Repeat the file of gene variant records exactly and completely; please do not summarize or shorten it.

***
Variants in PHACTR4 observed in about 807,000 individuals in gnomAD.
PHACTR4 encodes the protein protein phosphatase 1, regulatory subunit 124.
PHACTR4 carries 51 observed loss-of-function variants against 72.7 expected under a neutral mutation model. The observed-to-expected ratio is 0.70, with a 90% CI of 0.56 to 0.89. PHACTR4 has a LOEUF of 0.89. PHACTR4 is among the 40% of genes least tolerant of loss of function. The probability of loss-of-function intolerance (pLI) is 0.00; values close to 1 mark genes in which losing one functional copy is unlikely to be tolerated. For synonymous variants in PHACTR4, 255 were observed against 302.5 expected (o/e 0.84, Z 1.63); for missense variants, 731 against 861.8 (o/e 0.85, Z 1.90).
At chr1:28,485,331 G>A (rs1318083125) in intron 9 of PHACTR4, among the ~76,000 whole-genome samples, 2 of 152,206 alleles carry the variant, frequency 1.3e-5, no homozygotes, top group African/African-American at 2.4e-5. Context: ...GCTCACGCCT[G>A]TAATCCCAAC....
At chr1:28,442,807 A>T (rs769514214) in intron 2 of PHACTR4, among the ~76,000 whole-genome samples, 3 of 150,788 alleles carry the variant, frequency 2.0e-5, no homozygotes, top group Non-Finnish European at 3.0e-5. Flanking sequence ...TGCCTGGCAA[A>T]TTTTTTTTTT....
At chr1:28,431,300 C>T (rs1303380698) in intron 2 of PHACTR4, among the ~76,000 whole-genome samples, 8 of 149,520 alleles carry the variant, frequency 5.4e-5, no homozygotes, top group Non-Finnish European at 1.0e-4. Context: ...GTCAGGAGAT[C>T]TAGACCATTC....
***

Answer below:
Variants in PHACTR4 observed in about 807,000 individuals in gnomAD.
PHACTR4 encodes the protein protein phosphatase 1, regulatory subunit 124.
PHACTR4 carries 51 observed loss-of-function variants against 72.7 expected under a neutral mutation model. The observed-to-expected ratio is 0.70, with a 90% CI of 0.56 to 0.89. PHACTR4 has a LOEUF of 0.89. PHACTR4 is among the 40% of genes least tolerant of loss of function. The probability of loss-of-function intolerance (pLI) is 0.00; values close to 1 mark genes in which losing one functional copy is unlikely to be tolerated. For synonymous variants in PHACTR4, 255 were observed against 302.5 expected (o/e 0.84, Z 1.63); for missense variants, 731 against 861.8 (o/e 0.85, Z 1.90).
At chr1:28,485,331 G>A (rs1318083125) in intron 9 of PHACTR4, among the ~76,000 whole-genome samples, 2 of 152,206 alleles carry the variant, frequency 1.3e-5, no homozygotes, top group African/African-American at 2.4e-5. Context: ...GCTCACGCCT[G>A]TAATCCCAAC....
At chr1:28,442,807 A>T (rs769514214) in intron 2 of PHACTR4, among the ~76,000 whole-genome samples, 3 of 150,788 alleles carry the variant, frequency 2.0e-5, no homozygotes, top group Non-Finnish European at 3.0e-5. Flanking sequence ...TGCCTGGCAA[A>T]TTTTTTTTTT....
At chr1:28,431,300 C>T (rs1303380698) in intron 2 of PHACTR4, among the ~76,000 whole-genome samples, 8 of 149,520 alleles carry the variant, frequency 5.4e-5, no homozygotes, top group Non-Finnish European at 1.0e-4. Context: ...GTCAGGAGAT[C>T]TAGACCATTC....